Projects & Activities

Be a citizen-scientist by observing the sky 
for the Globe at Night star hunt
and the  Great World Wide Star Count.

Let There Be Night

Let There Be Night is a combined planetarium program and school district-wide experiment to assess a community's sky glow.  Developed for IYA2009 with contributions from Toyota and other supporters, the experiment  parallels the Globe at Night initiative.  The planetarium program and DVD resources are available to prepare the teachers and students, who will assess sky glow from within the school district boundaries. See the Results from one community's vast experiment in 2009, in which teams of students made a 3-D model out of 35,000 LEGO blocks to convey visually how much of the local night sky has been lost to light pollution. ltbn-exhibit.jpg (44705 bytes)

Night Vision

Night Vision is a NASA-supported program in which observers quantify the sky glow over their community.  Families and teams use hand-held Sky Quality Meters (SQMs) to measure the the amount of light reflected back down to earth from multiple sites.  They will manually plot the SQM readings on a county map and create "contour lines" of equal brightness.  The baseline map can be used in the future to suggest changes in the local light pollution level.  After discussing the trade-offs of lighting technology and the social decisions related to outdoor lighting, participants will report their findings to the community through self-designed presentations.

Sorry Starry Night

For a science project named Sorry Starry Night, a student measured the sky glow from seven sites adjacent to a new retail development.  From March to December, 2006, she plotted a downward slope of Sky Quality Meter (SQM) readings, which suggested the sky glow increased.  The student attributed the increase to new lights from the development, additional reflectance from snow on the ground in the latter portion of the experiment, and holiday lights in the neighborhood.   sunroof.JPG (150851 bytes)

Paper Plate Education

How can you convey the impact of glare and the benefits of light shields?  Try this simple experiment--so easy it was borrowed from an 8-year old.  (Reproduced from Paper Plate Education,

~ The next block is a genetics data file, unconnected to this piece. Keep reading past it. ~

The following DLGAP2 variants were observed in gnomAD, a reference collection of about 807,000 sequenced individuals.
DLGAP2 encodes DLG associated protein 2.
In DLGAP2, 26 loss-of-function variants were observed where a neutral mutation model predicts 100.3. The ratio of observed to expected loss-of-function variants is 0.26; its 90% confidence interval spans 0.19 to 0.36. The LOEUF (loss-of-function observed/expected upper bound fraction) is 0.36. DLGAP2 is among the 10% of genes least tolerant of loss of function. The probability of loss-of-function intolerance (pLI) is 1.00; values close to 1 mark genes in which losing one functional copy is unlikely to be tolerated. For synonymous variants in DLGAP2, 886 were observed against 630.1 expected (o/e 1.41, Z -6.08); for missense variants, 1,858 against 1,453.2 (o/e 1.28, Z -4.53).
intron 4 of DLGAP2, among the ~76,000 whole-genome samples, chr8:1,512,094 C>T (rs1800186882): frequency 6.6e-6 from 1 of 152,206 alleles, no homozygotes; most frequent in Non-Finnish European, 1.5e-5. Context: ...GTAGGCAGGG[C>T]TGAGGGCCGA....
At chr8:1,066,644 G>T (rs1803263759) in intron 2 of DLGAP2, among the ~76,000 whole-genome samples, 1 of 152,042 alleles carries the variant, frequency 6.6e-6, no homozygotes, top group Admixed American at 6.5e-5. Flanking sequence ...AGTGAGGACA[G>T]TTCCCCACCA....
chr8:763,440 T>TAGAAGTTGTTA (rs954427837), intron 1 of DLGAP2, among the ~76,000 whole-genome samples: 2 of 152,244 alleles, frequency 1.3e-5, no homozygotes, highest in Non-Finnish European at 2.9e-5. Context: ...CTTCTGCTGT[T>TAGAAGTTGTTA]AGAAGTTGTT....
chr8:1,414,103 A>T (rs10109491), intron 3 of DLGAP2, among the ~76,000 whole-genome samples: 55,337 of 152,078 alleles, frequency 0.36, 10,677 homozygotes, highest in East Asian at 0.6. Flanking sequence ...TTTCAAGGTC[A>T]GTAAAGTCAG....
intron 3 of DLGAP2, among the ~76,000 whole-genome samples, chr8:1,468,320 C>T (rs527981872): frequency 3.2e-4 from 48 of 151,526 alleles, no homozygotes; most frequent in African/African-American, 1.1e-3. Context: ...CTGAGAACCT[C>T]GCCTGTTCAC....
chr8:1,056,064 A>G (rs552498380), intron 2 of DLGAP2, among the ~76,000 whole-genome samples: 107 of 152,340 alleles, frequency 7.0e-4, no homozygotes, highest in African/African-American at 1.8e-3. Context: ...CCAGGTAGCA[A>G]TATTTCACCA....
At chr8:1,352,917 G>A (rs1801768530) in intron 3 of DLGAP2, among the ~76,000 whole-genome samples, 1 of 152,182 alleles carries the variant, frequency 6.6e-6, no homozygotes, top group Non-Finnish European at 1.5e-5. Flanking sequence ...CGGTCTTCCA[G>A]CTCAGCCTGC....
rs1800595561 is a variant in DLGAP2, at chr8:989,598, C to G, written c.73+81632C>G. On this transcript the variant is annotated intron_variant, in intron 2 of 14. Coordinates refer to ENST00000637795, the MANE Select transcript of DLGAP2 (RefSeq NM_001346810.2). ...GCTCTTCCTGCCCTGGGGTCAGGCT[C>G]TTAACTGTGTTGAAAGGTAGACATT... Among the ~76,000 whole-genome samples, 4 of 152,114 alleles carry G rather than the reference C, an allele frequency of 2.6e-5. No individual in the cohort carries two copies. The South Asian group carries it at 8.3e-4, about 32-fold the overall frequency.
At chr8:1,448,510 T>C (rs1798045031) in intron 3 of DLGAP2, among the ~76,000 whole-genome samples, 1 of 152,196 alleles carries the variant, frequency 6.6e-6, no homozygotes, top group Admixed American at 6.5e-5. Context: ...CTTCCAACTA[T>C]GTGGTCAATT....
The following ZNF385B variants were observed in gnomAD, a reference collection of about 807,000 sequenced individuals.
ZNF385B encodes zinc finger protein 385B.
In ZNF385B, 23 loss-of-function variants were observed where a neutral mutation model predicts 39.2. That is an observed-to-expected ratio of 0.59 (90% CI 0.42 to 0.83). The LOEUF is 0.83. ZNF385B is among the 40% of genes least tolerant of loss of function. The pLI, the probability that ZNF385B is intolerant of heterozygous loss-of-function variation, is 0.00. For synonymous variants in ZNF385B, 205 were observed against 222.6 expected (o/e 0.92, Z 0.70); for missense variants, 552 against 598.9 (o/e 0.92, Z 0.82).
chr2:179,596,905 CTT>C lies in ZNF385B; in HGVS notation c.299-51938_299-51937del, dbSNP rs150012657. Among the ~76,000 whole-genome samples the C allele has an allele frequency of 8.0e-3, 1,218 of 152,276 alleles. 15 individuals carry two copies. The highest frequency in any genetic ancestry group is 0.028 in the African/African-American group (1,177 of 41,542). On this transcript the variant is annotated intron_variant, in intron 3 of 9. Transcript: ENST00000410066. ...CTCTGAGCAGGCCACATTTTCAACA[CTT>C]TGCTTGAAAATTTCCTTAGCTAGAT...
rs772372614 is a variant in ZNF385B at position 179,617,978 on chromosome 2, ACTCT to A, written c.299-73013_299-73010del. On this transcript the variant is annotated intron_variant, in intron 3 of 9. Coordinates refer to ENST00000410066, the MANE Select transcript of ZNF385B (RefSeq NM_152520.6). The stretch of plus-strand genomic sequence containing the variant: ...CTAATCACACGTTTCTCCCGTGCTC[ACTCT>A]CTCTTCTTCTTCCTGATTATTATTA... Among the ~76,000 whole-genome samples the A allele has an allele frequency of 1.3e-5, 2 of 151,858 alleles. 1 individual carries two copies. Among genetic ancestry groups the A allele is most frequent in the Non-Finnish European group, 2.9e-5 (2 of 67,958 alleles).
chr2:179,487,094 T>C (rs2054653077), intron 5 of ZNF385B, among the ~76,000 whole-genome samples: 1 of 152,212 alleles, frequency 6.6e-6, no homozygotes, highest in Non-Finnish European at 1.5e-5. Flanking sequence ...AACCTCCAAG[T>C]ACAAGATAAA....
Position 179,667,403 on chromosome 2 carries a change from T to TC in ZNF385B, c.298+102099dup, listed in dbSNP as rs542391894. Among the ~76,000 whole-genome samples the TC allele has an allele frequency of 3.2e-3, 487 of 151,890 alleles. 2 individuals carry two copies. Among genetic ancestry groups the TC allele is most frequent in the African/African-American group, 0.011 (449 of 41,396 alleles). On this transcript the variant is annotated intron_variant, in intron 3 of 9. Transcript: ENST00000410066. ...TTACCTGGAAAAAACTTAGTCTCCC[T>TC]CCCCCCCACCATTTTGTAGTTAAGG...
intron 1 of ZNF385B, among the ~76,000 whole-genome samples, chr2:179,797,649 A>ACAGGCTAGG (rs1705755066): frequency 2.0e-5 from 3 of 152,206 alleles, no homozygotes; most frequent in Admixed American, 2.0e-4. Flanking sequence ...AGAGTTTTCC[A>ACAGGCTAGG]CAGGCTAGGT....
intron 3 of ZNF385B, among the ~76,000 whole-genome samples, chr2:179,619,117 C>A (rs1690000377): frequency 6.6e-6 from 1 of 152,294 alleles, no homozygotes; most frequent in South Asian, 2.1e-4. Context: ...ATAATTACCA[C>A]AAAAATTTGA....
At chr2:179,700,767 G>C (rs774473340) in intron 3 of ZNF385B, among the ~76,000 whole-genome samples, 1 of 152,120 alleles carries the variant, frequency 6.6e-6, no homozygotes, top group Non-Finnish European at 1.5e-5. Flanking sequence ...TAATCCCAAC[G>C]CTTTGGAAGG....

mag-bare4347.jpg (26452 bytes)   To simulate an unshielded light on a pole, place a Maglite® flashlight in the free-standing "candle mode" on a white surface.  
mag-bare04349.jpg (16211 bytes) (No Shield) Turn off all lights and observe how the light spreads out.  Look up at the ceiling, too, to see the light lost to the sky.  Note how the flashlight base obstructs the light in a cone of darkness, and how the exposed bulb glares brightly in your eyes.
mag-demo04384.jpg (24355 bytes) Now cover the exposed light with different shields and see what material improves the situation.  While not practical, covering the bulb with just a hot pizza is a significant improvement.  
mag-hands04390.jpg (19027 bytes) mag-plate04388.jpg (20361 bytes) mag-pie04389.jpg (18642 bytes) mag-pizza04382.jpg (17048 bytes) Shields made from various materials--a pair of hands, a paper plate, a pie tin, and a hot pizza-- always improve the situation.  Note how the text under the shadow cone becomes clearly visible.  

You get several positive outcomes with full shields:  

  1. Light is directed downward to where it is wanted, so lower wattage bulbs can be used, thus saving energy and money.
  2. Direct glare does not impair night vision or cause light trespass.
  3. General light pollution overhead--sky glow--is lessened.

Here is another simple illustration--again borrowed from an 8-year old.  (Reproduced from Paper Plate Education, 

mockup04395.jpg (34244 bytes) Prop open a book that has a picture of a landscape.  In this case, the view is of the Chicago skyline, with street lights in the foreground.  Place a Maglite® flashlight in the free-standing "candle mode" in the foreground.  Here we put the flashlight so it coincides with the street light on the right.  Also place a figurine in the scene.